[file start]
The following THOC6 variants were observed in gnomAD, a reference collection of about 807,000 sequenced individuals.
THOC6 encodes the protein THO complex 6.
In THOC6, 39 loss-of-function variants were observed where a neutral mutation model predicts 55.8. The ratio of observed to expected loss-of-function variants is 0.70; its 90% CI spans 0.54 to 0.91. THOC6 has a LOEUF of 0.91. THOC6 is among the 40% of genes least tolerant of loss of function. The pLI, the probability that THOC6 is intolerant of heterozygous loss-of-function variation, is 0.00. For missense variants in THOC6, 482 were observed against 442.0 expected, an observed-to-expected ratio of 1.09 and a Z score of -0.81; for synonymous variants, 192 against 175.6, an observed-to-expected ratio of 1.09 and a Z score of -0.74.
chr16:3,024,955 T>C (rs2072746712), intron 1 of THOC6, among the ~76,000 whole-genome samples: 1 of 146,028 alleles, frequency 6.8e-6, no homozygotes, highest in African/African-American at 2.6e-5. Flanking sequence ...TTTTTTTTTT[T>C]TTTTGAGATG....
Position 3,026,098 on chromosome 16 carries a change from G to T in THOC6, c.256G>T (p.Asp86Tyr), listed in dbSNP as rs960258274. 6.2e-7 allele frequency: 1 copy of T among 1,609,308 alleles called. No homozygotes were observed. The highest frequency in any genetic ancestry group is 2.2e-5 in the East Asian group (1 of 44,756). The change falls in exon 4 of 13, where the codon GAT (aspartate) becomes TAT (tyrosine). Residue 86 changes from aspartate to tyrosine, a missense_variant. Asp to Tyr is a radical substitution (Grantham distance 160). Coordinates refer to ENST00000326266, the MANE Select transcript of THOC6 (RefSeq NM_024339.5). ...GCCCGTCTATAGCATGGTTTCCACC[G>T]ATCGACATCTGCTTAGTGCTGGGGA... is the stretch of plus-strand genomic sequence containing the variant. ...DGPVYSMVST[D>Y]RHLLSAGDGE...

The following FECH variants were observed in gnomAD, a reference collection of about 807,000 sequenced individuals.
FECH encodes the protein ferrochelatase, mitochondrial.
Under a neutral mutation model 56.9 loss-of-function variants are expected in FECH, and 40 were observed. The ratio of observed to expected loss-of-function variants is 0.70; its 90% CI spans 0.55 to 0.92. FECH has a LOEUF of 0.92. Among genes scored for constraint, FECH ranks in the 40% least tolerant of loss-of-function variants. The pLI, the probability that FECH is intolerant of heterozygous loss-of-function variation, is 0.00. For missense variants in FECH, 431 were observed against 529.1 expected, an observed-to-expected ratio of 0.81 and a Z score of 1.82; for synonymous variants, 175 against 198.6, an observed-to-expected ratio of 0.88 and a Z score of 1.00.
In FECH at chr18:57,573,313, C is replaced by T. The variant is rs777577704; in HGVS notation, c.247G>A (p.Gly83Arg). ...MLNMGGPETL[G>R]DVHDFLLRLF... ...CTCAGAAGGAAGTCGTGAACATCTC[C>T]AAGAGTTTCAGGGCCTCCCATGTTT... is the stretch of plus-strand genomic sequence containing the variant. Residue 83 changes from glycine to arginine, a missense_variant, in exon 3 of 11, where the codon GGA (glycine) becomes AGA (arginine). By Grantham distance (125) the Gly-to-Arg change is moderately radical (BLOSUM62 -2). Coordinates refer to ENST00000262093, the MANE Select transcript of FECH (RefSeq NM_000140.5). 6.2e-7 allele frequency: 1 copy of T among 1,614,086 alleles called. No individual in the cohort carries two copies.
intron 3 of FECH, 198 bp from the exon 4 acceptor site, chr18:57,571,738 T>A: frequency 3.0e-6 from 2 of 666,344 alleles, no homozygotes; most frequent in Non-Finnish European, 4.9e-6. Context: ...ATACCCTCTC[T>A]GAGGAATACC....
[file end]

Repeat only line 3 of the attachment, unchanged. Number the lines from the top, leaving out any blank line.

In THOC6, 39 loss-of-function variants were observed where a neutral mutation model predicts 55.8. The ratio of observed to expected loss-of-function variants is 0.70; its 90% CI spans 0.54 to 0.91. THOC6 has a LOEUF of 0.91. THOC6 is among the 40% of genes least tolerant of loss of function. The pLI, the probability that THOC6 is intolerant of heterozygous loss-of-function variation, is 0.00. For missense variants in THOC6, 482 were observed against 442.0 expected, an observed-to-expected ratio of 1.09 and a Z score of -0.81; for synonymous variants, 192 against 175.6, an observed-to-expected ratio of 1.09 and a Z score of -0.74.